• A comment was made that if we continue down the current path, it is a layer on top of another layer, leaving a mess for the future of an increasingly complex system with too many rules.

Discussion then turned to quality, and that this is not a Profit/Non-Profit divide. Both community and private services need quality outcomes for tamariki. Comments were made that all services need to make some profit to put back into resources, and that smaller providers don’t have economies of scale so need support.

Parent voice is also needed. Members commented that services understand parents’ perspectives and that we need community voices that haven’t been heard, such as disability.

Andy reflected to members that it sounded like they want a system review, which they agreed. Andy stated that this is a different process from a funding review and more complex. He summarised that members had said they want to fund by differentiated educational models rather than ownership types.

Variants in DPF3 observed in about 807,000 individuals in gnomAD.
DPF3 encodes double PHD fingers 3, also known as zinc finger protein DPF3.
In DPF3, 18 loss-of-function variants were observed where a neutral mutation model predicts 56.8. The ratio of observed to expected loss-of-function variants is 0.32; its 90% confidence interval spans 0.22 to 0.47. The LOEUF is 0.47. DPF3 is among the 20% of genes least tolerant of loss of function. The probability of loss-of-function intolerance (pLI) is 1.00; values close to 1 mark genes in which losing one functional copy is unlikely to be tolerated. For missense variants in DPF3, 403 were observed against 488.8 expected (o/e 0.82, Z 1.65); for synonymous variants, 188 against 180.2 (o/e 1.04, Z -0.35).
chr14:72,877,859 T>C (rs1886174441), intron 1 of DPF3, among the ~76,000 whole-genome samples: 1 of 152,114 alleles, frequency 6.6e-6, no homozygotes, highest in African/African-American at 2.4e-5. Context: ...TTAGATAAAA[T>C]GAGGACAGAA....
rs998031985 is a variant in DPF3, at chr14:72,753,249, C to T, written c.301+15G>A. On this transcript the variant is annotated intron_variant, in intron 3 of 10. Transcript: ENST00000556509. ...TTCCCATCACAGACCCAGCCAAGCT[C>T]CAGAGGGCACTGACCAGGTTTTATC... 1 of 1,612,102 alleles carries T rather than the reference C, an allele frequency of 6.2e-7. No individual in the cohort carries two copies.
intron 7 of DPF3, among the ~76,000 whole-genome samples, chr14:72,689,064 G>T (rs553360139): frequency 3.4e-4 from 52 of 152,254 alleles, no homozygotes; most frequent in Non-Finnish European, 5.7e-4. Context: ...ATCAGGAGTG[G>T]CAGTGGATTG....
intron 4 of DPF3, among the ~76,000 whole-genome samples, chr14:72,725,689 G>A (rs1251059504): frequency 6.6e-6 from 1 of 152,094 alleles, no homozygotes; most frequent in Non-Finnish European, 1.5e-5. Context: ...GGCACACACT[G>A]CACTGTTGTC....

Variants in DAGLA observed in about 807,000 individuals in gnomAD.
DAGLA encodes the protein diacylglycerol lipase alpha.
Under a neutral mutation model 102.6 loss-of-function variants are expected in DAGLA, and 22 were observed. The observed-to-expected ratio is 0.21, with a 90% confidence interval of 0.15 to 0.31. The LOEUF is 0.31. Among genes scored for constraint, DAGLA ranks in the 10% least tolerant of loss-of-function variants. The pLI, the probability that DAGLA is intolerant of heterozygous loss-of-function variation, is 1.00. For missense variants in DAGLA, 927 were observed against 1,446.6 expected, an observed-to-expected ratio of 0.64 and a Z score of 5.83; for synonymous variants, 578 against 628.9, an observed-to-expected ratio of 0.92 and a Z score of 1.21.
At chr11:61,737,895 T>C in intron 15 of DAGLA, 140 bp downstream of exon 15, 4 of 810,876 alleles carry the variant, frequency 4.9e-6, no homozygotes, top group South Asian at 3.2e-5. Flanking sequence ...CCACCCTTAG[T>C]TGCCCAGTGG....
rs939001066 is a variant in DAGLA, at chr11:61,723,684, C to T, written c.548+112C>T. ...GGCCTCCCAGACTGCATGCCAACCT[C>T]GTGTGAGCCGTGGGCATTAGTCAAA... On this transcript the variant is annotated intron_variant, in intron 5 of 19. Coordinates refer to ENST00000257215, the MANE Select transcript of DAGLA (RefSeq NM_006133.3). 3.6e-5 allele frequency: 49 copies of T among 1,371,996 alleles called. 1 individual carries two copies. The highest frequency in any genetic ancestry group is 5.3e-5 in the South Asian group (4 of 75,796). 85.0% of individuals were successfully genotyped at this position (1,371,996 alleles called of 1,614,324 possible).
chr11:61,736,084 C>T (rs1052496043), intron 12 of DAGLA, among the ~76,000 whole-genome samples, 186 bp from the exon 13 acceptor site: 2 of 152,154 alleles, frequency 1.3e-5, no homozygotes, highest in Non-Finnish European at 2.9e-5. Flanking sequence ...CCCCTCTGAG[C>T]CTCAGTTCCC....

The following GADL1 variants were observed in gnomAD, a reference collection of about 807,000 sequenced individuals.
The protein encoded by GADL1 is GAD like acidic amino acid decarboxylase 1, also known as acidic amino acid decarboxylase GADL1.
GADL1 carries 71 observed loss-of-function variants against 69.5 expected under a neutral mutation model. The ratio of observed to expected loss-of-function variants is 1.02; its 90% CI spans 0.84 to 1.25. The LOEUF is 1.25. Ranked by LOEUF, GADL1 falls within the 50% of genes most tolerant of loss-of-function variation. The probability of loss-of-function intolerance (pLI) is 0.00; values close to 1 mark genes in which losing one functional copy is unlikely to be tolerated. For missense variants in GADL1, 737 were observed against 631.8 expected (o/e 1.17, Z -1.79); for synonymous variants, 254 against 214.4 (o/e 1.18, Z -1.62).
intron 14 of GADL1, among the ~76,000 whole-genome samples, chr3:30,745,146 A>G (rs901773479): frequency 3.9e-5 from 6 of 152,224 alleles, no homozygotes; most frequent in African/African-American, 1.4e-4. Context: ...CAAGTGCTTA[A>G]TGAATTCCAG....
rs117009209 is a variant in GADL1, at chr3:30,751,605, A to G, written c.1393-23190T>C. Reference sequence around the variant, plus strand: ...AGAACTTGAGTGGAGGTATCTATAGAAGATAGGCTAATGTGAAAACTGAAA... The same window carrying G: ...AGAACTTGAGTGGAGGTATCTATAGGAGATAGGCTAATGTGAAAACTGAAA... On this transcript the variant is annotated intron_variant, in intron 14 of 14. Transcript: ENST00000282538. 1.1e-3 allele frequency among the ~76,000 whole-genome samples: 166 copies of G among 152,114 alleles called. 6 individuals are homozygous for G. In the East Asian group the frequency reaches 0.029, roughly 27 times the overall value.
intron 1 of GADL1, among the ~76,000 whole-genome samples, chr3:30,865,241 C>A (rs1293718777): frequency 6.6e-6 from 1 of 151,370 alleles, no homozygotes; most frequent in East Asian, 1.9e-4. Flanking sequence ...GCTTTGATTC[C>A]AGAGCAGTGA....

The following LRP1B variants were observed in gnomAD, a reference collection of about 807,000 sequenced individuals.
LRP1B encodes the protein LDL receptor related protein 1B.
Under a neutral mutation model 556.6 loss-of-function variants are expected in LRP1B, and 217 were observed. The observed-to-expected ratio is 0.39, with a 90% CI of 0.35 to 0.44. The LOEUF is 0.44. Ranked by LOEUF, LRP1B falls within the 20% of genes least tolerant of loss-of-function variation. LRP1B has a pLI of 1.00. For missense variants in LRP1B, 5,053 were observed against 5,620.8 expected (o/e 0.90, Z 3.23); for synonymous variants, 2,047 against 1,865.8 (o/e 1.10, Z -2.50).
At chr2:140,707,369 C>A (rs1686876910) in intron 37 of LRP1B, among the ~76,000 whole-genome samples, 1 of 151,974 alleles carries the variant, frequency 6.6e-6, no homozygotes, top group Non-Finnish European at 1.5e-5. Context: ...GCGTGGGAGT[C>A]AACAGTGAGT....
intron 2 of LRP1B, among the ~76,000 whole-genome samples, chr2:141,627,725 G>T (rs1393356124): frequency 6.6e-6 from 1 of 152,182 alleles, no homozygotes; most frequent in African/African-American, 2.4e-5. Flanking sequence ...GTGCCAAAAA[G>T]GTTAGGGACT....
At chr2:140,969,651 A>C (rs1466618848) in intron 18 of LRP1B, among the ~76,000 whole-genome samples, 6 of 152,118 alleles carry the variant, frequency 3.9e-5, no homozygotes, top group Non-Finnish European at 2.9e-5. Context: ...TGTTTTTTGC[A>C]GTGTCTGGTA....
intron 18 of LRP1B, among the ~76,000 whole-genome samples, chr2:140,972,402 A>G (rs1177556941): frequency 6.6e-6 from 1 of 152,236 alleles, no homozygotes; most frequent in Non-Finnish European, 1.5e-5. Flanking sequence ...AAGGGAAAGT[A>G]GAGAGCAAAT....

Improving immunisation

Nancy Bell

Responding to Minister Luxton’s concern about immunisation levels, Nancy asked members for ideas to improve immunisation rates of early learners.

Members talked about mistrust from some parents due to Covid. Relationships are important to build up trust first. Parents trust early learning services and services have the relationship with parents.

Members stressed that services need time and resources to work with parents, and that teachers also need education.

Ideas included:

  • Nurses funded to come to early learning services from local GP offices.
  • Nurses doing health checks and immunisations for children in emergency accommodation (Build relationship first).
  • Health workers in vans going to the children.